“Specs And Yen”
    What you did there, I see it.

  • avatar

    I would only consider buying a stripped down version new.

    Or waiting a couple of years an buying one used and gutting it like a strung up pig then.

    I hope they realize how important pricing will be in the USA. 1 year old used Miata @ 16,000 vs New ’86 @ $26,000 isn’t really a contest at all.

    If this is going to be a gearhead car….they are not only competing against new cars, but used ones as well.

    • 0 avatar

      One’s a (presumably) stiff coupe with a 4 tire trunk. The other a convertible noodle with the trunk space of a motorcycle. I do like the Miata, btw; heck I owned one once; but for most people, it is quite a lot more “hard core” than the seemingly perfectly easy to live with as a daily driver 86.

      Cooper S vs 86 is a closer comparo. Or perhaps Civc Si, although I think those selling the coupe version of that one will very much feel the arrival of the 86, and not in a positive way.

      • 0 avatar

        Cone to think of it, used S2000s will probably be competitors for those buying the 86 for pure driving pleasure, as well. They’re in the high teens to low twenties, right now.

  • avatar

    If it’s more than about $24k, I don’t see it selling well. The sweet spot should be around $22,500. What am I basing that on? Well, as stated above by another brilliant chap, car guys shop used against new. A used Vette, 350z, Mustang GT, Miata and so on will be too competitive for the little Toyota.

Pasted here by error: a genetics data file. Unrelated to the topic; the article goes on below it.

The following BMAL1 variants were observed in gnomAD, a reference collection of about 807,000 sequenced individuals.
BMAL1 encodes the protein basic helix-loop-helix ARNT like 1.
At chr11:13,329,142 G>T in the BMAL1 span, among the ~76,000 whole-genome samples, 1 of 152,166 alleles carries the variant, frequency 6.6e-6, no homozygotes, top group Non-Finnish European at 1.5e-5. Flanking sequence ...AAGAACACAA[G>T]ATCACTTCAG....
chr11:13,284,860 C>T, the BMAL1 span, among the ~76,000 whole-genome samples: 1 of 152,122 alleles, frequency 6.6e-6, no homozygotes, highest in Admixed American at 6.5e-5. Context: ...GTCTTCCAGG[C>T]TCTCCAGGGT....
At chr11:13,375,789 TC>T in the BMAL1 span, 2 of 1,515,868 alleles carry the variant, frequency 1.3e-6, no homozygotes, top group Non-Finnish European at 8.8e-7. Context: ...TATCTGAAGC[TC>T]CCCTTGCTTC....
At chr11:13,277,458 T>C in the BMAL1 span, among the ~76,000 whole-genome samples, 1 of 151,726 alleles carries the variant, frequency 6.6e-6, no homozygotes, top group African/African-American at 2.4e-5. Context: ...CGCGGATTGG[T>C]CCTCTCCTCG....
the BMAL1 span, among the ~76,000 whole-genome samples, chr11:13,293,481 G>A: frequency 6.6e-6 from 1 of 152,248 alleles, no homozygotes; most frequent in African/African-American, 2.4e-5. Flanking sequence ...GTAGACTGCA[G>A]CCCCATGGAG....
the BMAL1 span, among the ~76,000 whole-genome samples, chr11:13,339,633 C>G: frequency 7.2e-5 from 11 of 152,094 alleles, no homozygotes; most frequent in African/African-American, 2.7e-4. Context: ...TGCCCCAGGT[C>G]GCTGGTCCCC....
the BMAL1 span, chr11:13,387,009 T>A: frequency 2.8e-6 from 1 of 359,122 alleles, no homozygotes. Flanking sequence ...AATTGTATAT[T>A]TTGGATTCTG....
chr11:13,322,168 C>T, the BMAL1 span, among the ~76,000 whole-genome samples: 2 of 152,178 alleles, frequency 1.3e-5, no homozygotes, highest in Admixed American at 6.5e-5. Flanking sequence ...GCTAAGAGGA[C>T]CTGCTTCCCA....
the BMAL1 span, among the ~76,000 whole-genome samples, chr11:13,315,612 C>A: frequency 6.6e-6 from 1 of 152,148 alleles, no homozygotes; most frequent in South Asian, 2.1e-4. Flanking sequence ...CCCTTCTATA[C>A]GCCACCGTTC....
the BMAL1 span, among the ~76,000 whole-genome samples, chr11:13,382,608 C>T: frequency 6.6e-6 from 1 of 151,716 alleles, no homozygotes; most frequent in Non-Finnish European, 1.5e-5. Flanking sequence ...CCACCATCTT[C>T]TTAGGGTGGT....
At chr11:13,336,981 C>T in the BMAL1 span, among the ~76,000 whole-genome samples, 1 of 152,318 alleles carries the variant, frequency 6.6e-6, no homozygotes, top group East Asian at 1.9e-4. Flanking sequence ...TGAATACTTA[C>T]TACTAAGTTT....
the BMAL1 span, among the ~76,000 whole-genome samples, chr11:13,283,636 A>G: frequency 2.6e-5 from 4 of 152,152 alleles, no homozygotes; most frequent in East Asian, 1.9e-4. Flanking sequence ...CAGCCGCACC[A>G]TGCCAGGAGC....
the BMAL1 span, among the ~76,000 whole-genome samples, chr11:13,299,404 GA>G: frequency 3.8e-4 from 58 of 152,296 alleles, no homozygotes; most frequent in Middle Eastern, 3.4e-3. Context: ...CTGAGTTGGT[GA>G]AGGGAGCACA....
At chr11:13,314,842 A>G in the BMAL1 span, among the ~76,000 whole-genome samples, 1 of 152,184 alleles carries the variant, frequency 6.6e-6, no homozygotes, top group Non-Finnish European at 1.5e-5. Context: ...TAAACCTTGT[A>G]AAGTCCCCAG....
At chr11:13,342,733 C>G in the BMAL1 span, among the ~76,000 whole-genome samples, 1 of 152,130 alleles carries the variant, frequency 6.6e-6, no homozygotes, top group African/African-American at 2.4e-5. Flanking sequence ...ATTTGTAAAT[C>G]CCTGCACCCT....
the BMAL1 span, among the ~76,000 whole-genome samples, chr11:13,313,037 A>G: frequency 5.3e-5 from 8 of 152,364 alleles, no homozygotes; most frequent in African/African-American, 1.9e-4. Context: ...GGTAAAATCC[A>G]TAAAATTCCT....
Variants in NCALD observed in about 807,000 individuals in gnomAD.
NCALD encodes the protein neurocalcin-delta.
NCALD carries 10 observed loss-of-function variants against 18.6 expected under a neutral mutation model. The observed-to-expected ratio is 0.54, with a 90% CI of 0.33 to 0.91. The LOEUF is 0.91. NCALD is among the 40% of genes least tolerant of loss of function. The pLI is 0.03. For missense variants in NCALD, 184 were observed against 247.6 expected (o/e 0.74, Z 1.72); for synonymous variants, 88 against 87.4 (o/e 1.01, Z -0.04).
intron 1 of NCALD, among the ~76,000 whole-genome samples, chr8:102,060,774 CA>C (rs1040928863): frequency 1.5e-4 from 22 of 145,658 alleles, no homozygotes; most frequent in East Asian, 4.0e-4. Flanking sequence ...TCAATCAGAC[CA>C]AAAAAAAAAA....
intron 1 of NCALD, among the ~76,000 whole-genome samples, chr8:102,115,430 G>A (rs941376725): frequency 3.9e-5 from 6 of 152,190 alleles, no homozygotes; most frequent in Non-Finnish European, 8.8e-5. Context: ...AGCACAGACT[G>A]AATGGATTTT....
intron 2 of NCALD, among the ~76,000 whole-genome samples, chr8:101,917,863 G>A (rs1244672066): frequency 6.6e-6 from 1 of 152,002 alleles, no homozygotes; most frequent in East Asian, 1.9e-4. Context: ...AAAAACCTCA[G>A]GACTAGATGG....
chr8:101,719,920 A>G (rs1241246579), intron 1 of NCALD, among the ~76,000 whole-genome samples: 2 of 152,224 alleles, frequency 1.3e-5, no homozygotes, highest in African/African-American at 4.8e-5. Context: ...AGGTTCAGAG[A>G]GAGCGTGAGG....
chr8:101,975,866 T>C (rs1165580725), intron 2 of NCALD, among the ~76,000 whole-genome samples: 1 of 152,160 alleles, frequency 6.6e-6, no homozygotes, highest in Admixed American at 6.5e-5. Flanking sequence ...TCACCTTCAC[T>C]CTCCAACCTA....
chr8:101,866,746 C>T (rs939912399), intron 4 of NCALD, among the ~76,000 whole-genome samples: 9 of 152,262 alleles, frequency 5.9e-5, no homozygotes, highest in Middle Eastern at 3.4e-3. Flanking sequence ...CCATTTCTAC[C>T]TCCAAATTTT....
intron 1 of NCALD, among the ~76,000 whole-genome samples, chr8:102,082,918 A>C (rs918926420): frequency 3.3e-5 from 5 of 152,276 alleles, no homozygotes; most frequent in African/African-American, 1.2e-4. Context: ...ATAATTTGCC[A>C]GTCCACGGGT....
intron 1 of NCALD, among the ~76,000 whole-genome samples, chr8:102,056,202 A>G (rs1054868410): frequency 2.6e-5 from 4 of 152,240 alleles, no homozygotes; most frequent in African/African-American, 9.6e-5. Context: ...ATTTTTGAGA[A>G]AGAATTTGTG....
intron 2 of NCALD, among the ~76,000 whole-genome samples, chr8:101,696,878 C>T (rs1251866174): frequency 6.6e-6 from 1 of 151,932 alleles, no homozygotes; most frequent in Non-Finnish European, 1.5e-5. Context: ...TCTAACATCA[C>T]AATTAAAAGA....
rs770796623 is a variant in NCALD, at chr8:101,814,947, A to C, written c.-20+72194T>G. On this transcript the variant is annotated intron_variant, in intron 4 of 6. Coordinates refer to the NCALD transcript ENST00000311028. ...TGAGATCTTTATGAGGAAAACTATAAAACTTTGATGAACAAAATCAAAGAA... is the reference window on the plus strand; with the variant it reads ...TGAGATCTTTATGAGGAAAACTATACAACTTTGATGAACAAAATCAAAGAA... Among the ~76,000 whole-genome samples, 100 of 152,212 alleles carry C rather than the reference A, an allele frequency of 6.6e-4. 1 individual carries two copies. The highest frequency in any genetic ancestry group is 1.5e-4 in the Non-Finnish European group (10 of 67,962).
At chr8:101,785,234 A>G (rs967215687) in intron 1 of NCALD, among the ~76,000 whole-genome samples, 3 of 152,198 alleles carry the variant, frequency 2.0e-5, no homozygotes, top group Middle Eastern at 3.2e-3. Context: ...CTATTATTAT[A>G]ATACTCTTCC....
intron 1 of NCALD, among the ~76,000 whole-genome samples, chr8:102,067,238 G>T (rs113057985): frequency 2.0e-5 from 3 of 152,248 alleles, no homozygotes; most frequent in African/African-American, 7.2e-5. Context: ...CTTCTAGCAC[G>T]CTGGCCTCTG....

Other entry level cars with 200hp like the Civic Si and GTI fall at about 22k as well.

    • 0 avatar
      Educator(of teachers)Dan

      Yup the base model with no options has to be under $25K. Honestly I would like to see the “G” version sold here. I don’t need a stripped race car but I don’t need much extra crap either. Being a 2 door, 4-seat motorcycle would be fine with me.

      • 0 avatar

        I just hope whatever version they sell, don’t have some sort of “automatic climate control” that makes it cumbersome to quickly grab a largeish knob or so to direct hot air to the windshield should one need it. Thermostat controlled heating is convenient in a house (although I’ve never really suffered when I’ve stayed where the only heat source available was a wood stove), but in a car, it’s just pointless compexification.

        Curve tracking Xeons are nice, though. As is a nice, big screen nav system, heated seats and wheel.

  • avatar

    If this turns out to be a great car, I could see saving the 22-25k to buy one… and then deciding I’d rather have a 4 year old miata and a nice vacation instead.

  • avatar

    Any bore/stroke numbers? If it’s the same as the Subaru FB20, then it’s going to have the same horrible 1.44 rod ratio. Which is horribly bad for a high revving engine.

  • avatar

    Reports say 86mm bore, 86mm stroke.

  • avatar
    PJ McCombs

    2 liters, 200 hp, 2,700 lbs, RWD, and 7,000+ RPM…

    In LOVE with these specs. I haven’t been this excited about a new car in years.